WhatsApp’s security flaw allowed attackers to install spyware on phones with a single missed call, company urges users to update the app

A security vulnerability in Facebook-owned WhatsApp’s voice calls allows attackers to install commercial Israeli spyware on phones, the company and a spyware dealer told Financial Times that first reported the flaw.

According to FT’s report, the attackers were able to install the surveillance software on iOS and Android phones by calling anyone on WhatsApp. The spyware that’s developed by Israel-based NSO Group could be installed without the users answering these calls, a spyware dealer who was recently briefed on the WhatsApp hack, said, speaking to Financial Times.

A report by The Verge also confirmed that the spyware could be installed without trace and without the target answering the call. The spyware, according to different reports, can turn on phone’s camera and mic, scan through the emails and messages in it, and collect location data of the users.

Facebook in a security advisory published yesterday, explaining the vulnerability, said, “A buffer overflow vulnerability in WhatsApp VOIP stack allowed remote code execution via specially crafted series of SRTCP packets sent to a target phone number,” adding that the issue affects WhatsApp for Android prior to v2.19.134, WhatsApp Business for Android prior to v2.19.44, WhatsApp for iOS prior to v2.19.51, WhatsApp Business for iOS prior to v2.19.51, WhatsApp for Windows Phone prior to v2.18.348, and WhatsApp for Tizen prior to v2.18.15.

WhatsApp in a statement to The Financial Times, said, “This attack has all the hallmarks of a private company known to work with governments to deliver spyware that reportedly takes over the functions of mobile phone operating systems. We have briefed a number of human rights organizations to share the information we can, and to work with them to notify civil society.”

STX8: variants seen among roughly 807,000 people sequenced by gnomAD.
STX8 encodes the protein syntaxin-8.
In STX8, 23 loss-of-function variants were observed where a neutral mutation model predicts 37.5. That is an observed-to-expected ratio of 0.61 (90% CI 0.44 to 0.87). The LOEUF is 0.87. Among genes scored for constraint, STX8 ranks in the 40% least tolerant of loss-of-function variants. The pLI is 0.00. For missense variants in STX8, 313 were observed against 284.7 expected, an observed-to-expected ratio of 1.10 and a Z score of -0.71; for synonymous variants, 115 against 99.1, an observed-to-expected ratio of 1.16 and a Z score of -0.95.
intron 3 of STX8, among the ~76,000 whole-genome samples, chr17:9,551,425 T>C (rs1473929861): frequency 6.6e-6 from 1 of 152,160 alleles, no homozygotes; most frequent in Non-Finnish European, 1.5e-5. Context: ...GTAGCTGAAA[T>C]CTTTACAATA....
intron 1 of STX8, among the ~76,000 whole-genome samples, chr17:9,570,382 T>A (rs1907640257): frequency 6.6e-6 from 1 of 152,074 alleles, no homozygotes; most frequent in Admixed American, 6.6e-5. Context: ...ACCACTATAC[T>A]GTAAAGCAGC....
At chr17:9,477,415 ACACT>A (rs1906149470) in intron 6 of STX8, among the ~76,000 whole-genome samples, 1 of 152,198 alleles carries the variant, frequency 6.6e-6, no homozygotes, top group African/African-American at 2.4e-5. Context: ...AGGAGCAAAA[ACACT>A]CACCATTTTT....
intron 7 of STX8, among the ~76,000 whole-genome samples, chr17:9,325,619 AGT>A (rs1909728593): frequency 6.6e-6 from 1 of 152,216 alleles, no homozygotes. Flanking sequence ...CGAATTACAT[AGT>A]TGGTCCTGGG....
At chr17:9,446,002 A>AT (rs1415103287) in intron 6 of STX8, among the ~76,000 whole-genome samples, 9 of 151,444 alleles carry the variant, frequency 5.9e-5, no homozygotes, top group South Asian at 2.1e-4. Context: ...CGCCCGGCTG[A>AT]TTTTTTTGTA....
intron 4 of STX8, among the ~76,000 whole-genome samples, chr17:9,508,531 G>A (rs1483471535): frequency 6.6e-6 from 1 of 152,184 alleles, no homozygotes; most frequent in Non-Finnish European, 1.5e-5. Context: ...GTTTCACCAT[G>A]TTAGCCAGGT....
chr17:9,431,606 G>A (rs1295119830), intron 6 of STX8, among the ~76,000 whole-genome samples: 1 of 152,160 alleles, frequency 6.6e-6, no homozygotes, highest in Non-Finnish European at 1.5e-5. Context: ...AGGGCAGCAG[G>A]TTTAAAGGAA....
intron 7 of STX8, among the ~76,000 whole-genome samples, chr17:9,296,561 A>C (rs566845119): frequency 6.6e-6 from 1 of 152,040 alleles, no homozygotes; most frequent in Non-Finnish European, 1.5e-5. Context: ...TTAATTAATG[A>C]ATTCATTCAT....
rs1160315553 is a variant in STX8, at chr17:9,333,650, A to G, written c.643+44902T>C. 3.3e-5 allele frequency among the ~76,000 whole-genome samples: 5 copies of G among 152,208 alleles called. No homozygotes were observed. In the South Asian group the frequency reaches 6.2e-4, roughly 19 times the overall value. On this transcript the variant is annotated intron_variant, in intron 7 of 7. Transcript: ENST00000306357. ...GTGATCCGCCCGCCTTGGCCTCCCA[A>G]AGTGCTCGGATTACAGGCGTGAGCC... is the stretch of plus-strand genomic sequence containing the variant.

In another statement to Business Insider, the company added, “WhatsApp encourages people to upgrade to the latest version of our app, as well as keep their mobile operating system up to date, to protect against potential targeted exploits designed to compromise information stored on mobile devices. We are constantly working alongside industry partners to provide the latest security enhancements to help protect our users.”

NSO Group, the company that has built the product and markets it to intelligence agencies for fighting terrorism and crime, in a statement to FT, said, “Under no circumstances would NSO be involved in the operating or identifying of targets of its technology, which is solely operated by intelligence and law enforcement agencies. NSO would not, or could not, use its technology in its own right to target any person or organization.”

It is unclear how many of WhatsApp’s over 1.5 billion users were attacked using the vulnerability but the most recent incident took place on Sunday when the attack was blocked by WhatsApp.

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